Grub worms eat the roots of your lawn or yard. If left untreated, they will become adult beetles and will feast on your plants’ leaves. To treat grub worms in the garden, homeowners usually apply a readily available commercial grub killer to their lawn.
So, when you have grubs in your lawn or garden can be a right pain in the proverbial backside. Just knowing they are there in the first place is difficult, as the signs of having grubs can be very similar to other common problems.
And when we do know that they are there – how do we get rid of them?
Knowing how to get rid of grubs starts with having a little information under your belt, so you know what you’re looking for and the best approaches for defeating these lawn-killing pests.
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What Are Grubs?
First of all, what are “grubs”? It’s a pretty general term and can refer to a number of different kinds of thick, worm-like beetle larvae that live in your garden soil.
They exist as dormant eggs through the cold winter months, and then hatch in the spring to burrow around and eat the roots of your plants.
Eventually, they will change into their adult forms and lay more eggs that hatch into next season’s grubs, starting the cycle all over again.
Some species can take more than 1 year to complete the cycle, but the idea is the same.
How to Identify Them
So how do you know you have grubs? Your first signs are likely going to be problems with your grass and other plants. Odd patches of grass will start to die off and turn brown, without any apparent cause. If you do have a grub problem, the damaged grass should pull up easily since the grubs have been eating away the roots underneath.
Once you can see the dirt, you should have a clear view of any grubs. They don’t burrow too deeply Depending on the specific species (we’ll get to that in a moment), they’ll be an inch or so in length, cream-colored with a dark brown head, and usually curl up in a “C” shape when the sod is pulled off.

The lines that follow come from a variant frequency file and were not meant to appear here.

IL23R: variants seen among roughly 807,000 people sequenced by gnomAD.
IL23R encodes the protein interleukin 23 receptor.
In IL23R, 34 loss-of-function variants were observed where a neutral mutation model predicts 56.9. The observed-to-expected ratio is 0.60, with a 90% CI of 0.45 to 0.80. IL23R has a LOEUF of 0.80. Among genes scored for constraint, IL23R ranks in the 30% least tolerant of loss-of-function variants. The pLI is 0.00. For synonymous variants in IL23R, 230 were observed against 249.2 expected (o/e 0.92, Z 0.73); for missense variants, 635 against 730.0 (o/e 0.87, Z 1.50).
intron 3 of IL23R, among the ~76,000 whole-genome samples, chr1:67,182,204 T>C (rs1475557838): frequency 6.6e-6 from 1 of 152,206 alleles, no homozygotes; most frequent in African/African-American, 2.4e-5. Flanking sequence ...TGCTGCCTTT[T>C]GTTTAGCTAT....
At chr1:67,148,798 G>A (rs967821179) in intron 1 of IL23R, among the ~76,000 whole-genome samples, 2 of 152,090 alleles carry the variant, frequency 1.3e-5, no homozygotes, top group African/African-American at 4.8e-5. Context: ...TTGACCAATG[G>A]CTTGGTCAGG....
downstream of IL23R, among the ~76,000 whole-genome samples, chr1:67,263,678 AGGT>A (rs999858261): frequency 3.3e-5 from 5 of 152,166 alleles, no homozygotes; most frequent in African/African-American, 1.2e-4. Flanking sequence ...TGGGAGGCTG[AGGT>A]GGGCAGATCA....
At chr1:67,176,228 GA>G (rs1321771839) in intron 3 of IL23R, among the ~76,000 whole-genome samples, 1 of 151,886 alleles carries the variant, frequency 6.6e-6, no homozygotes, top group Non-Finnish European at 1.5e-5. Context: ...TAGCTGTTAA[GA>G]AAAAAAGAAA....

Another tip-off that you have a grub problem is the increased activity around your yard from raccoons, skunks or birds. These animals love to eat grubs, and will come in droves for the easy snacks. So finding patches of sod all torn up and dug through can mean you have grubs, even if they’re not the ones who directly did the damage.
For more specific species identification, it gets a little tougher. We’ll discuss the different kinds of grubs in the next section.
Types of Grubs
In North America, you’ll likely be finding grubs from a few different families of beetle. June beetles (also called June bugs or even May beetles) are the most widespread, but you may also have Oriental beetles or European chafers. They all look very similar when in the grub stage and most home gardeners aren’t going to be able to tell one from the other without a little research and possibly an insect identification guide.
While technically there are some species of grubs that are harmless to your grass, most will be a problem. If you see grubs in the dirt without any actual damage going on, you might want to wait and see what develops before you reach for the insecticide.
How To Get Rid of Grubs
Now we can get to the important details on how to get rid of grubs. You have two general options: pesticides or a more natural route.
One point to mention before you go to war on the grubs, they are a natural part of the ecosystem and you shouldn’t necessarily worry about them unless there are large numbers. If you check under the grass for about a square foot, and only find 5 or 6 grubs, then you can just leave them alone. They aren’t going to cause much of a problem.
For commercial pesticides, you have a few choices. Most will come in either liquid or granular form, and can contain compounds like carbaryl, imidacloprid, or halofenozide. These are known as “curative” products as they are designed to kill existing grubs.